A cry for help: She and her husband were burned in the last stock market crash and now have most of their money in savings accounts. "How," she asks, "can I get back into investments?"
This question is worth delving into for two reasons, the first being that it taps into the fears of all investors holding large amounts of cash out of fear that the stock markets are too dangerous. The second is the insights offered on the investment advice business, and its inability to address the worries of this particular high net worth investor.
The back story is that she's a health care professional who has saved a significant six-figure amount of money. About 25 per cent is in what she described in an e-mail as a low-growth mutual fund, and the rest is in savings accounts paying a low interest rate. This cautious approach was taken after a tough ride in the 2008 crash – "My husband and I were burnt by our investments (and investment advisors) … and have subsequently been too scared to go back into the stock market or even managed mutual funds."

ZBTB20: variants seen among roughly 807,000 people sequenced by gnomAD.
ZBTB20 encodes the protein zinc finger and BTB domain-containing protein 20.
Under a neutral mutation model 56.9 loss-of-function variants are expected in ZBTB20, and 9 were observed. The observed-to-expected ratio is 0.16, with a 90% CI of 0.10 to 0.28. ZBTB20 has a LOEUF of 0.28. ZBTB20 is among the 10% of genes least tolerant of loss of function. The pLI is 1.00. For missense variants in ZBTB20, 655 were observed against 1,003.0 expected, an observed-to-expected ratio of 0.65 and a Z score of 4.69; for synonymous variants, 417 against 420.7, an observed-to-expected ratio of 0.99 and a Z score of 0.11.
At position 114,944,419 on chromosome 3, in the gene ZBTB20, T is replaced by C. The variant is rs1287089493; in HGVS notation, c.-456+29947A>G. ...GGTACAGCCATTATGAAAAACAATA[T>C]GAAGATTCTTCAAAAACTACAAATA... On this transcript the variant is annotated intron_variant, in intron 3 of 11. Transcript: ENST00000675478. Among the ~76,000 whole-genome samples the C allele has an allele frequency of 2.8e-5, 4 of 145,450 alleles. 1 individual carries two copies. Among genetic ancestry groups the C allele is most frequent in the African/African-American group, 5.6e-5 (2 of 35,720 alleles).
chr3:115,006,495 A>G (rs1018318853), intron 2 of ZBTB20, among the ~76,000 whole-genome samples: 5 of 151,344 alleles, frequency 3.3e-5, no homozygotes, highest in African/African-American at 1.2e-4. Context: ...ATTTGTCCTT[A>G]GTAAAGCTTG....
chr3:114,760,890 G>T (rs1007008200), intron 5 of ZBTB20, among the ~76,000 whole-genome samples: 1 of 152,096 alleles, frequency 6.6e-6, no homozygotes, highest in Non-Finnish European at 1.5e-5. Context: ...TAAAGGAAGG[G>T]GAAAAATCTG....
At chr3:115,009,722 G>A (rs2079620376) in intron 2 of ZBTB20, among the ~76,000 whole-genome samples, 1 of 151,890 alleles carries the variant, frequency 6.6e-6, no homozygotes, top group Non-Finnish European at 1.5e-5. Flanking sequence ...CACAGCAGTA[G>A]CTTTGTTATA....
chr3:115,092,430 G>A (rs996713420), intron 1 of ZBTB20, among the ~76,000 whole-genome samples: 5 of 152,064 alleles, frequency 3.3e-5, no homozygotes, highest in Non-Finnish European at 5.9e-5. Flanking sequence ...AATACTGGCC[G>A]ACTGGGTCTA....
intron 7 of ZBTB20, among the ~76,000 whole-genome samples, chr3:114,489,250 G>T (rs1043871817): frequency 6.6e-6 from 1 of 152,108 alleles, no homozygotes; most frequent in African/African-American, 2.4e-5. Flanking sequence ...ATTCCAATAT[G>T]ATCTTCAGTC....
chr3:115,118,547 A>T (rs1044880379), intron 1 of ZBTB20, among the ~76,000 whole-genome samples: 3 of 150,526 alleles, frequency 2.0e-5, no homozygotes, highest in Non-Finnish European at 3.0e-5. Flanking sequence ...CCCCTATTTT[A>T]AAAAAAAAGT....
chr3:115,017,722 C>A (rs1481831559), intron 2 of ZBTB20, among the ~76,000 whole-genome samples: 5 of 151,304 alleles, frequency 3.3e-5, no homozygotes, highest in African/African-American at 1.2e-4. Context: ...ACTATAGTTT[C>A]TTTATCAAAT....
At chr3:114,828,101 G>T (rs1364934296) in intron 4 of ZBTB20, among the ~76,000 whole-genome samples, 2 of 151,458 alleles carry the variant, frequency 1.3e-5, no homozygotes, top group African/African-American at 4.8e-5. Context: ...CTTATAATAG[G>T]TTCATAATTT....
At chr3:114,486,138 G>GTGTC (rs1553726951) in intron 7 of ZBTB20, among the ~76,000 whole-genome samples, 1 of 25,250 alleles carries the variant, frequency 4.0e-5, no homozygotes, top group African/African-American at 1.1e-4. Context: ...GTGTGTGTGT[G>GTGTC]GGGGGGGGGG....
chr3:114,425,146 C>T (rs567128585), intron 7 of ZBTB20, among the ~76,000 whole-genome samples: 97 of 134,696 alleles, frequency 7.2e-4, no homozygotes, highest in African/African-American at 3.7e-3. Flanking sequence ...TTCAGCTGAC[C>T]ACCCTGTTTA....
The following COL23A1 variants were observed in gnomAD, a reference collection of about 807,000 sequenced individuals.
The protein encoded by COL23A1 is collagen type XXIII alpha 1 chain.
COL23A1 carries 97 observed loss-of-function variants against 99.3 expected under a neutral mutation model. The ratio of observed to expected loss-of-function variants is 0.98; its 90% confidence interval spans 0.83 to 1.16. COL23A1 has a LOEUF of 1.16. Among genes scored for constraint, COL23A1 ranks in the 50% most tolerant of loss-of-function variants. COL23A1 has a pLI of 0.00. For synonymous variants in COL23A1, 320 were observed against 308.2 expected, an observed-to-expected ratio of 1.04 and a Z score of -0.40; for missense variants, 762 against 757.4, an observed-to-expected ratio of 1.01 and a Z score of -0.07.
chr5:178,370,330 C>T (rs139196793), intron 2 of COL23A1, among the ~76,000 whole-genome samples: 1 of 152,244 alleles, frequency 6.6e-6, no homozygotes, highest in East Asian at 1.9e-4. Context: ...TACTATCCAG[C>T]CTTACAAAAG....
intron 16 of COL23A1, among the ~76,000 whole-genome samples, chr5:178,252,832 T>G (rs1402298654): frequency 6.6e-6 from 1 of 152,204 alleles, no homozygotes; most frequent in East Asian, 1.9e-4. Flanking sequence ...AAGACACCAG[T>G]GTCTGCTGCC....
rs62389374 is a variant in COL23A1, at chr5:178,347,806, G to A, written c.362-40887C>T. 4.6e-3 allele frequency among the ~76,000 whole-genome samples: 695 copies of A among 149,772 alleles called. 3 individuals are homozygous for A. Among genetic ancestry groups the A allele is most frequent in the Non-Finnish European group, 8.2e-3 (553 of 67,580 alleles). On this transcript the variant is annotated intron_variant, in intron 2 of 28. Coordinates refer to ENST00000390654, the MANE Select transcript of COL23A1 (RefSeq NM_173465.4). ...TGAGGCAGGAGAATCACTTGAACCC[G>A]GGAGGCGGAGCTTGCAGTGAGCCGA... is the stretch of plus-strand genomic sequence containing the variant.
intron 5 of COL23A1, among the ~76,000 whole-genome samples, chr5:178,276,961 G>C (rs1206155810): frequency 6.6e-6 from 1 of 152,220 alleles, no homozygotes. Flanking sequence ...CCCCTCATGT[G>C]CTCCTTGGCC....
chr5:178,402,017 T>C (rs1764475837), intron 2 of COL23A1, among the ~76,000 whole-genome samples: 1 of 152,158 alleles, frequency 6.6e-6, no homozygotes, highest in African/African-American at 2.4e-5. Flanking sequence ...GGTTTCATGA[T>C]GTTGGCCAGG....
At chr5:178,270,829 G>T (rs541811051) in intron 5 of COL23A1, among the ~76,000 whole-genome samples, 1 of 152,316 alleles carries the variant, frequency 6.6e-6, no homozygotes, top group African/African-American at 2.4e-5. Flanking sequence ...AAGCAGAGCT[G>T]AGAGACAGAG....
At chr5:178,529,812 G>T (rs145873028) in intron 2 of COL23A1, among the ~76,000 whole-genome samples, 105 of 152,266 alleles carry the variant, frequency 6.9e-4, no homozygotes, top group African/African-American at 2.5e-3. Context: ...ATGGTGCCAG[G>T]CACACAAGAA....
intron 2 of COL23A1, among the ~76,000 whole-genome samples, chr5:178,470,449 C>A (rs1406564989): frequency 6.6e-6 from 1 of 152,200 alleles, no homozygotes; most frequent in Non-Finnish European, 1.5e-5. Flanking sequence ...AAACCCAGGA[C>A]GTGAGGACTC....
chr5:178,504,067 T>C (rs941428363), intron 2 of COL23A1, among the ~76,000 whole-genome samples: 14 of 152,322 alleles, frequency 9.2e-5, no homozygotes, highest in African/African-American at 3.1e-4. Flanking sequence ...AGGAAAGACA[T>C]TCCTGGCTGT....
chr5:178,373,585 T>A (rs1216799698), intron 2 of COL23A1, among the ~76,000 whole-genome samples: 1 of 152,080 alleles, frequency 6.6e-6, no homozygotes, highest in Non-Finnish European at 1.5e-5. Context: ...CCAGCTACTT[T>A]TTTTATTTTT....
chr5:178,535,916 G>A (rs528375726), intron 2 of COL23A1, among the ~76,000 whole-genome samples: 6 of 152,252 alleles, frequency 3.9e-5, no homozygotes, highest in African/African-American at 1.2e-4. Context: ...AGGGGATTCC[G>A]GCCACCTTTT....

This reader has tried seeing a few advisory firms, and she found her large portfolio got their attention. However, she felt hustled by their approach. "When they find out how much money I have, they break out the 'black prestige folder' of services and then demand that I transfer all my money to that particular institution so they can manage it."
My suggestion: Keep looking for the right adviser. Such an adviser would:
- Talk at first about the client and her personal situation rather than about products.
- Look at how much risk the client must take on to reach her financial goals (if she saves aggressively, a conservative portfolio with a modest rate of return may do the job)
- Explain that the way to address fear of stocks is through diversification, not by hiding almost everything in a savings account
- Avoid pushing the sort of house products likely to be marketed in that 'black prestige folder' and instead consider the universe of stocks and funds.
- Be upfront about services and fees (with a portfolio close to seven figures, an advice fee of 1 per cent or slightly more seems reasonable).
This reader is asking for help to get back into investments. A good adviser will provide it, and more.